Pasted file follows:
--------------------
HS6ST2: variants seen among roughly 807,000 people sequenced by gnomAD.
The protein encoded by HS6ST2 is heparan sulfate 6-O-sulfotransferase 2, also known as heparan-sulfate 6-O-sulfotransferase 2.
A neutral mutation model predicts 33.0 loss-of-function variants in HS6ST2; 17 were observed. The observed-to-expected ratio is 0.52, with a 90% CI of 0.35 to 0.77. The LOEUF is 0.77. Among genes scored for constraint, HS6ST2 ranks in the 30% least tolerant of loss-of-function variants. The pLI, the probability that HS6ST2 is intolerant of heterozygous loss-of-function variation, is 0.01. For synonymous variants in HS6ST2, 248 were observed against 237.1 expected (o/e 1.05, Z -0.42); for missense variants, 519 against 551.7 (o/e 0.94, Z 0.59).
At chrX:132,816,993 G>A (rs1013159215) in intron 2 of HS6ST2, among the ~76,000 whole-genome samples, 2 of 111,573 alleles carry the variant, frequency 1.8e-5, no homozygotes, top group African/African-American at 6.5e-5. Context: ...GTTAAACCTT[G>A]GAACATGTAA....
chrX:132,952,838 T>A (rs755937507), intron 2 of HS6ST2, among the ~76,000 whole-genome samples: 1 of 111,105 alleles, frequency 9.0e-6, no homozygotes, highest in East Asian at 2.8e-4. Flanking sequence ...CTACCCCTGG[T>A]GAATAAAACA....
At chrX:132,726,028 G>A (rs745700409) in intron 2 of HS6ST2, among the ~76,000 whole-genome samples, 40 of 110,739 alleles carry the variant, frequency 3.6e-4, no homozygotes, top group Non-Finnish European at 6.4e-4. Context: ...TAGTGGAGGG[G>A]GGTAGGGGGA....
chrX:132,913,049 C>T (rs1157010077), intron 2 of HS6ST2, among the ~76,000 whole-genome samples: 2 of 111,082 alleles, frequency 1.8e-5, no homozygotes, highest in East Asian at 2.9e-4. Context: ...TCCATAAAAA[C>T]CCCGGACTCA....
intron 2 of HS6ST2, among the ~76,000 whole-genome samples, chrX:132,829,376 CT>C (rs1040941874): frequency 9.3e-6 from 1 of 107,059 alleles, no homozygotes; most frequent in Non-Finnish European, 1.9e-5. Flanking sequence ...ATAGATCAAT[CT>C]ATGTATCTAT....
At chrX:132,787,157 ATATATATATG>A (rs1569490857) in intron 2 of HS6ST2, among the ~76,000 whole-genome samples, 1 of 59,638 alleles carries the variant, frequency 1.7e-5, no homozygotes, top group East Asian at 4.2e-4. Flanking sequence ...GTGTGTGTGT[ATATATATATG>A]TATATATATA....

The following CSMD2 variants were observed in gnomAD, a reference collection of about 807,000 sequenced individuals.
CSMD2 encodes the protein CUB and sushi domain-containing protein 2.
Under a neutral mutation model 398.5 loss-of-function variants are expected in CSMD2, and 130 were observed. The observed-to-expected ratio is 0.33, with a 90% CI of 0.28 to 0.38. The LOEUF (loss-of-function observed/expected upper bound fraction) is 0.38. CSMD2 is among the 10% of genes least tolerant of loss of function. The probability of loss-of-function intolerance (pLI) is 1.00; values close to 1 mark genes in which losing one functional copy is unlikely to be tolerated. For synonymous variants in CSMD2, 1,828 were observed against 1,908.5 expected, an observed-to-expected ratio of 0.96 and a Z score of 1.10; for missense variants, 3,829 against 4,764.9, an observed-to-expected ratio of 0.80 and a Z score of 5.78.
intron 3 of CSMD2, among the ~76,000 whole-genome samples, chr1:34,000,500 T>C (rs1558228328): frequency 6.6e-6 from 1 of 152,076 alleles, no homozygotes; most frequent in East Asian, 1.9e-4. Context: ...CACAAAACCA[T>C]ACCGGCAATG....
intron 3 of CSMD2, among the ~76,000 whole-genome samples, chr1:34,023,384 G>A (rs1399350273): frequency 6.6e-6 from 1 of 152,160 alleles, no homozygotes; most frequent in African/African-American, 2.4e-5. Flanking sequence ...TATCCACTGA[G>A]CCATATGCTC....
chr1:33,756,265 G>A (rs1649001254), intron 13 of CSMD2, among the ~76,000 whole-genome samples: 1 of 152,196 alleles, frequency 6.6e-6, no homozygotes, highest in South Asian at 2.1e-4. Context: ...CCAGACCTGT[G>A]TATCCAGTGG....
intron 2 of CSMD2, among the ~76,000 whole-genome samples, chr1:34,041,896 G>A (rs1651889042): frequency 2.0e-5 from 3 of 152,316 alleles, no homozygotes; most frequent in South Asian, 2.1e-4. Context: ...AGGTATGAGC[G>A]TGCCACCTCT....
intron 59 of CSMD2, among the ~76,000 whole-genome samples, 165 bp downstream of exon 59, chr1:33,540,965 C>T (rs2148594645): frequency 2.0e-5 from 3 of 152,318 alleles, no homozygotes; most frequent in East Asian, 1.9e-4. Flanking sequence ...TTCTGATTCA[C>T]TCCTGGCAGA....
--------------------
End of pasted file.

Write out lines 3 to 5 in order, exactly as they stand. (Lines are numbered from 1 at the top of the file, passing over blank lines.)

A neutral mutation model predicts 33.0 loss-of-function variants in HS6ST2; 17 were observed. The observed-to-expected ratio is 0.52, with a 90% CI of 0.35 to 0.77. The LOEUF is 0.77. Among genes scored for constraint, HS6ST2 ranks in the 30% least tolerant of loss-of-function variants. The pLI, the probability that HS6ST2 is intolerant of heterozygous loss-of-function variation, is 0.01. For synonymous variants in HS6ST2, 248 were observed against 237.1 expected (o/e 1.05, Z -0.42); for missense variants, 519 against 551.7 (o/e 0.94, Z 0.59).
At chrX:132,816,993 G>A (rs1013159215) in intron 2 of HS6ST2, among the ~76,000 whole-genome samples, 2 of 111,573 alleles carry the variant, frequency 1.8e-5, no homozygotes, top group African/African-American at 6.5e-5. Context: ...GTTAAACCTT[G>A]GAACATGTAA....
chrX:132,952,838 T>A (rs755937507), intron 2 of HS6ST2, among the ~76,000 whole-genome samples: 1 of 111,105 alleles, frequency 9.0e-6, no homozygotes, highest in East Asian at 2.8e-4. Flanking sequence ...CTACCCCTGG[T>A]GAATAAAACA....